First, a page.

From the Publisher
"An excellent book that will make a significant contribution to an important emerging area of research."—Aseem Prakash, University of Washington

"A rich theoretical and empirical contribution to our understanding of private environmental governance in the forestry sector in several industrial countries. It will be of considerable interest to those involved in environmental management and governance."—David J. Vogel, University of California, Berkeley

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Product Details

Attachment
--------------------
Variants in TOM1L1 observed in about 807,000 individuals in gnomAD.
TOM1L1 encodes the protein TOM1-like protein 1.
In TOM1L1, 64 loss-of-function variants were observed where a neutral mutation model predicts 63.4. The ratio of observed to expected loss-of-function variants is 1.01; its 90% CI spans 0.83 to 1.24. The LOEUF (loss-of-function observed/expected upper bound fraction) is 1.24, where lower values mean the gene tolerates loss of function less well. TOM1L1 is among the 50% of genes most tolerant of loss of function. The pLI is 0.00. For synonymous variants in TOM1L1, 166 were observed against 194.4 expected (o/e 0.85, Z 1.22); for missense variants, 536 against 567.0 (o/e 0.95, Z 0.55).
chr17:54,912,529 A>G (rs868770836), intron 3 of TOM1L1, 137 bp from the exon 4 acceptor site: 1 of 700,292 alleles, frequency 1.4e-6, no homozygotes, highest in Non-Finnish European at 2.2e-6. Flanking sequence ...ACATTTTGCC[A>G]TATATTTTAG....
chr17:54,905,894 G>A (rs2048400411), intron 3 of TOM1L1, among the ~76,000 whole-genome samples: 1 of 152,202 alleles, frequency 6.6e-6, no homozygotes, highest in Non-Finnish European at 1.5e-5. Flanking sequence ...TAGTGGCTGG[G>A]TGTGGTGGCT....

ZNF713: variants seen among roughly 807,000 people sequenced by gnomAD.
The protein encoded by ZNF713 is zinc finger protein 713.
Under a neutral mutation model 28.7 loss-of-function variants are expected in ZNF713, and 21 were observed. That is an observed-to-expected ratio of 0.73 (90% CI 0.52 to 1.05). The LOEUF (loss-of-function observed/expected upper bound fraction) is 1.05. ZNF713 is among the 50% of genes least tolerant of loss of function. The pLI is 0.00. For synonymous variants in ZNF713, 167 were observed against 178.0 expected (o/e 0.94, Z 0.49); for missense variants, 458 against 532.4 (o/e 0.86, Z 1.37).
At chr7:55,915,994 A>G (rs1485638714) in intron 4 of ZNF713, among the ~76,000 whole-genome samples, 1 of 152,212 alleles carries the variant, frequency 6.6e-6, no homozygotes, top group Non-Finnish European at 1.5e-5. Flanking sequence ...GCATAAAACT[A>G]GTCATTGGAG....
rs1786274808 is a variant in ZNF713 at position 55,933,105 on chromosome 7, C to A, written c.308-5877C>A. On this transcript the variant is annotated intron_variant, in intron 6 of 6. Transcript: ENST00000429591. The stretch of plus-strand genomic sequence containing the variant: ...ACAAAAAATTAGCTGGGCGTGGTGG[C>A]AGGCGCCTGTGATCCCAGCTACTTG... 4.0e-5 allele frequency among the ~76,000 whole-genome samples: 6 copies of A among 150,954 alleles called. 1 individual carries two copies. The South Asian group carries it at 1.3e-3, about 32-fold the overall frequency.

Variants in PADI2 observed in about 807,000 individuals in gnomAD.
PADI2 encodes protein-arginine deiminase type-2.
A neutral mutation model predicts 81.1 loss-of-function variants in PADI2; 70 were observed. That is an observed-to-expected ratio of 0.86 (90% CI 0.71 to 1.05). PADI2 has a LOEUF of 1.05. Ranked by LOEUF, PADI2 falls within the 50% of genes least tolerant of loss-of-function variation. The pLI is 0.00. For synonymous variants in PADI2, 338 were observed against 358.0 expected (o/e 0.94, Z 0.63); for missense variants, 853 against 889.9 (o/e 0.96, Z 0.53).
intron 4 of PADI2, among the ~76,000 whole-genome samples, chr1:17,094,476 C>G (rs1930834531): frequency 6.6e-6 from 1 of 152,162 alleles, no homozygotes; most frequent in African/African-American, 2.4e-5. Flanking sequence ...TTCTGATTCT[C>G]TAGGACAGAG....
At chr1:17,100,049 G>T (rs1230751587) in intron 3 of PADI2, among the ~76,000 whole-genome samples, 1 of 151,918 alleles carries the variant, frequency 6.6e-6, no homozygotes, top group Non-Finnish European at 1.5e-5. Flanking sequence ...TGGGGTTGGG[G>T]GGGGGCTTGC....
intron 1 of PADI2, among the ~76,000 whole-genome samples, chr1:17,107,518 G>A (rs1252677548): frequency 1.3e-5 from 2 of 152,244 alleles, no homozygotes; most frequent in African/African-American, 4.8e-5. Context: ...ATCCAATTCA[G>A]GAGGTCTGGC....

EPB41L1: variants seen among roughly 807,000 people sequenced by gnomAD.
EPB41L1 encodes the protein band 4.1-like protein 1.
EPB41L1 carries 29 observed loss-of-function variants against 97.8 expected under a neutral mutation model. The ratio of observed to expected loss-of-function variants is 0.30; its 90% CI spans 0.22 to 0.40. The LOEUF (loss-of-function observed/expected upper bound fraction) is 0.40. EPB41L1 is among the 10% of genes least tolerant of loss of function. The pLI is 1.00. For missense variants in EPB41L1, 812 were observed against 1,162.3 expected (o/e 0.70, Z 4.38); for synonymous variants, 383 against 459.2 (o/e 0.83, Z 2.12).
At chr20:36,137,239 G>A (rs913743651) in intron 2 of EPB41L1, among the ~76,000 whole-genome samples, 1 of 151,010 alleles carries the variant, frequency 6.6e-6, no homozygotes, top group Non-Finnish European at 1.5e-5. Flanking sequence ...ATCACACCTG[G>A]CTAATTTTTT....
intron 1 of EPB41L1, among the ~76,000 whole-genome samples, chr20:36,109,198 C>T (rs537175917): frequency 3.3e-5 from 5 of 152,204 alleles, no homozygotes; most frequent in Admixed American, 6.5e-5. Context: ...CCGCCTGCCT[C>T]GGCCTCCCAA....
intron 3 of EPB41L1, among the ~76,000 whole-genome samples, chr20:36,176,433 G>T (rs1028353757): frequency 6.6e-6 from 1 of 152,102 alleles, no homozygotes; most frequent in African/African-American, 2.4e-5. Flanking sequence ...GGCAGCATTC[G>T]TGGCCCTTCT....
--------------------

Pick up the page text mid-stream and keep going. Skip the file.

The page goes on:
• ISBN-13: 9780300101096
  • Publisher: Yale University Press
  • Publication date: 9/28/2004
  • Edition description: New Edition
  • Pages: 352
  • Product dimensions: 6.10 (w) x 9.30 (h) x 1.00 (d)

Read an Excerpt

Governing Through Markets


Yale University Press

Copyright © 2004 Yale University
All right reserved.

ISBN: 978-0-300-10109-6

Chapter One

The Emergence of Non-State Market-Driven Authority